In neural networks, activation functions determine the output of a node from a given set of inputs, where non-linear activation functions allow the network to replicate complex non-linear behaviours. As most neural networks are optimised using some form of gradient descent, activation functions need to be differentiable (or at least, almost entirely differentiable- see ReLU). Furthermore, complicated activation functions may produce issues around vanishing and exploding gradients. As such, neural networks tend to employ a select few activation functions (identity, sigmoid, ReLU and their variants).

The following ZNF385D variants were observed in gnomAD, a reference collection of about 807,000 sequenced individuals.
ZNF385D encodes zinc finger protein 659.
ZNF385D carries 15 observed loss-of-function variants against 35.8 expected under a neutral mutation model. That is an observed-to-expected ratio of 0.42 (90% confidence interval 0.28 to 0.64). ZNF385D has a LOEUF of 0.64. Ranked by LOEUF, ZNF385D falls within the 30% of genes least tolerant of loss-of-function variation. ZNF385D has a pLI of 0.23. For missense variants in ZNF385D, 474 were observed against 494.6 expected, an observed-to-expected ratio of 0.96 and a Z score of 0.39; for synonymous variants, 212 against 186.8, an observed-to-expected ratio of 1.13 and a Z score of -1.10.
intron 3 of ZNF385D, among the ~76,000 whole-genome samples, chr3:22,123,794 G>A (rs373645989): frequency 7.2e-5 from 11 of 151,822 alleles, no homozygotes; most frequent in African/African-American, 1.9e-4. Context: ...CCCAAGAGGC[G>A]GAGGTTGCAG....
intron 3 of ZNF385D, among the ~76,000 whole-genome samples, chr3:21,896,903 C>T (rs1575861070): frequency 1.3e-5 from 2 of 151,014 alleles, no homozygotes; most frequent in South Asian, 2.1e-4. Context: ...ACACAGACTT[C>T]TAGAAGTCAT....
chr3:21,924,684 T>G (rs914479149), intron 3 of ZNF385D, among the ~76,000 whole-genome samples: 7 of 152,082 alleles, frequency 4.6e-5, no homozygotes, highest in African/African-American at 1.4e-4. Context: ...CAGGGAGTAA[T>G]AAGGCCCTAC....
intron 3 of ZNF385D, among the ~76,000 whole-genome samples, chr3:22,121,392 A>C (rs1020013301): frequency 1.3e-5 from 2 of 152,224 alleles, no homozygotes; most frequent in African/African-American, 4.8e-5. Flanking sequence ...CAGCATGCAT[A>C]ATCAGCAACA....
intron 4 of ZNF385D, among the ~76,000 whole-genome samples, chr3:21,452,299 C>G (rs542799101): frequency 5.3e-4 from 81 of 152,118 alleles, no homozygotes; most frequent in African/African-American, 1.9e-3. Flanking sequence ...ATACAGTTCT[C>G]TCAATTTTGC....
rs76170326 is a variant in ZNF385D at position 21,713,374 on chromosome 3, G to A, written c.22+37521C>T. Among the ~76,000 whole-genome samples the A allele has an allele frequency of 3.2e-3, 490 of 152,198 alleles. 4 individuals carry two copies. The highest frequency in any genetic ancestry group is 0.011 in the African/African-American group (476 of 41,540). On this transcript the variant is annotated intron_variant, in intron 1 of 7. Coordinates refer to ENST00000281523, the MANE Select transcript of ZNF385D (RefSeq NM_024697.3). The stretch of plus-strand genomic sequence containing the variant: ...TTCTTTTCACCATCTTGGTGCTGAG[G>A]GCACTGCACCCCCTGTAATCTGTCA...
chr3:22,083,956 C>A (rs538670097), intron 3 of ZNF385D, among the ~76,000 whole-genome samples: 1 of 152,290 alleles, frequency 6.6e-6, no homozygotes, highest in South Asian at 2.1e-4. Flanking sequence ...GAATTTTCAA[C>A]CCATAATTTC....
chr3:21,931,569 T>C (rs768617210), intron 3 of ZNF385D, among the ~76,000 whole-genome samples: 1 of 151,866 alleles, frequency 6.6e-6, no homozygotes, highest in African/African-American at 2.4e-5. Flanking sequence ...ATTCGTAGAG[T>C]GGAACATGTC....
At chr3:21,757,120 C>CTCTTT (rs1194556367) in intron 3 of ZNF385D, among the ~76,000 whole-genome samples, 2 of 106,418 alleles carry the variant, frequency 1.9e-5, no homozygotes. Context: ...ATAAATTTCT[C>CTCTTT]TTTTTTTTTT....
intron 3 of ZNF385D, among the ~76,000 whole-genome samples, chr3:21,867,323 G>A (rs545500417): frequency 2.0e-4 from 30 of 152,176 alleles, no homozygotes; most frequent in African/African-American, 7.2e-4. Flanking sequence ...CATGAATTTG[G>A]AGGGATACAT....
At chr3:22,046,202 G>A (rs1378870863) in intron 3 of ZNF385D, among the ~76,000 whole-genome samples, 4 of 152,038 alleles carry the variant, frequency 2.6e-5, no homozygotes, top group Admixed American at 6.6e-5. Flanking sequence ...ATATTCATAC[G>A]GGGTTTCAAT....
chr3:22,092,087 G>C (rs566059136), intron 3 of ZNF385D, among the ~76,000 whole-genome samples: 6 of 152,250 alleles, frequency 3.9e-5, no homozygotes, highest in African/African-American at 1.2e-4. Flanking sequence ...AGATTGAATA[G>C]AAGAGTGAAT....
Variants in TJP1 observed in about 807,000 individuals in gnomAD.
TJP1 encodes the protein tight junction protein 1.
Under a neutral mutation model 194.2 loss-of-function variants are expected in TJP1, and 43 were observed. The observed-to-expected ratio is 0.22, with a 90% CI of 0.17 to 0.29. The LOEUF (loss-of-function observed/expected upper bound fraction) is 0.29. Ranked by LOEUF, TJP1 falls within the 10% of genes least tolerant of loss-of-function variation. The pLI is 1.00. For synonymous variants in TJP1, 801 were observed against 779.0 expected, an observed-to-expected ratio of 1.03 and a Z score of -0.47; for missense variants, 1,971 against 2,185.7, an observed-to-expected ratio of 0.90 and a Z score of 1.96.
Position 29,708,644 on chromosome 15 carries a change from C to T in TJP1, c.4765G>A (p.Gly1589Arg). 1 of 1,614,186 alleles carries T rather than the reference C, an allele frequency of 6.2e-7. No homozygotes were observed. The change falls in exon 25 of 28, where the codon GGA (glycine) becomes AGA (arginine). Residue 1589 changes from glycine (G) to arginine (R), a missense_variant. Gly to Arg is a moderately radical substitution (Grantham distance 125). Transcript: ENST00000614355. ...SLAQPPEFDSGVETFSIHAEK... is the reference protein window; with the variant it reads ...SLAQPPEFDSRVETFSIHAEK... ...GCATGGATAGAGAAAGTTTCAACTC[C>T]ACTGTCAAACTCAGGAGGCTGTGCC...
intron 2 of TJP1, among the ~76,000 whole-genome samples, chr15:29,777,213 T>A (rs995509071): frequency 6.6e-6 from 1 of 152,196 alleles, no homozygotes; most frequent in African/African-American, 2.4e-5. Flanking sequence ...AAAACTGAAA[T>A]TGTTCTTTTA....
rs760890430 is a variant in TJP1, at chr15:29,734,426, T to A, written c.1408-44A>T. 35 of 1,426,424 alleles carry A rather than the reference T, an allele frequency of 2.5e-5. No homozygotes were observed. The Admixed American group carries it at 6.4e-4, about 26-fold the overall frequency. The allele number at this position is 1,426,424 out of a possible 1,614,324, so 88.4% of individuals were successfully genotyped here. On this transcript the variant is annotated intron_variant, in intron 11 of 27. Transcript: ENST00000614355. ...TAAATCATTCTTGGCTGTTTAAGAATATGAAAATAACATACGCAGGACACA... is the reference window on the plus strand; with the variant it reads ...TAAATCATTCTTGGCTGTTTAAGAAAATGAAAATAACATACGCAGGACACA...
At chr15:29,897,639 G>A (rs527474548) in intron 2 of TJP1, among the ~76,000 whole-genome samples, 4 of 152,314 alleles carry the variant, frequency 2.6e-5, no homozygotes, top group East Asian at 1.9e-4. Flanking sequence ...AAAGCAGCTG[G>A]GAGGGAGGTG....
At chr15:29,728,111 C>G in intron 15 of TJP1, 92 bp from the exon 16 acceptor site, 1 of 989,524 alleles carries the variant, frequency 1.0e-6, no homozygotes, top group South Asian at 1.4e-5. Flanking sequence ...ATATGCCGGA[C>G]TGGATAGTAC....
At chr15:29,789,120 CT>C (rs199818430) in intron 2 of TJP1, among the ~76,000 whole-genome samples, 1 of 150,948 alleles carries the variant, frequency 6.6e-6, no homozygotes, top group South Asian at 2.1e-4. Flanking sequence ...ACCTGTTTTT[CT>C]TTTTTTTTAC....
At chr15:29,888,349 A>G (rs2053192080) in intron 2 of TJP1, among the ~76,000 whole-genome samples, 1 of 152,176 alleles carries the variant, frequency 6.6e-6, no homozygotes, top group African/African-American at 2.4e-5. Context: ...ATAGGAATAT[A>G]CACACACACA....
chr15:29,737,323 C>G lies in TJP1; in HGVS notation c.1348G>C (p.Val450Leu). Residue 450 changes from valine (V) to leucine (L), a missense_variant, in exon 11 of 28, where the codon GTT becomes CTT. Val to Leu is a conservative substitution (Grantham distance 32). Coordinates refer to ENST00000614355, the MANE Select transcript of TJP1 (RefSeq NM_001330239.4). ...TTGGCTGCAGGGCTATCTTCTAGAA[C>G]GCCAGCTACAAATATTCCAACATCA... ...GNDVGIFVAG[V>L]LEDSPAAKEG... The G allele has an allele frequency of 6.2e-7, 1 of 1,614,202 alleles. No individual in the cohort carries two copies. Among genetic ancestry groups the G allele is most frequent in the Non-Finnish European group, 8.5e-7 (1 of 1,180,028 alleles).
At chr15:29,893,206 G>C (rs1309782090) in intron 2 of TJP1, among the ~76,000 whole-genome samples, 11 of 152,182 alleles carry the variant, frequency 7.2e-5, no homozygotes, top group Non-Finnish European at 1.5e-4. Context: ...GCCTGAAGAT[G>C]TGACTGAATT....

Select an activation function from the menu below to plot it and its first derivative. Some properties relevant for neural networks are provided in the boxes on the right.
More theoretical than practical, this activation function mimics the all-or-nothing property of biological neurons. It's not useful for neural networks, as its derivative is zero (except at 0 where it's undefined). This means that gradient based approaches for optimisation are not feasible.
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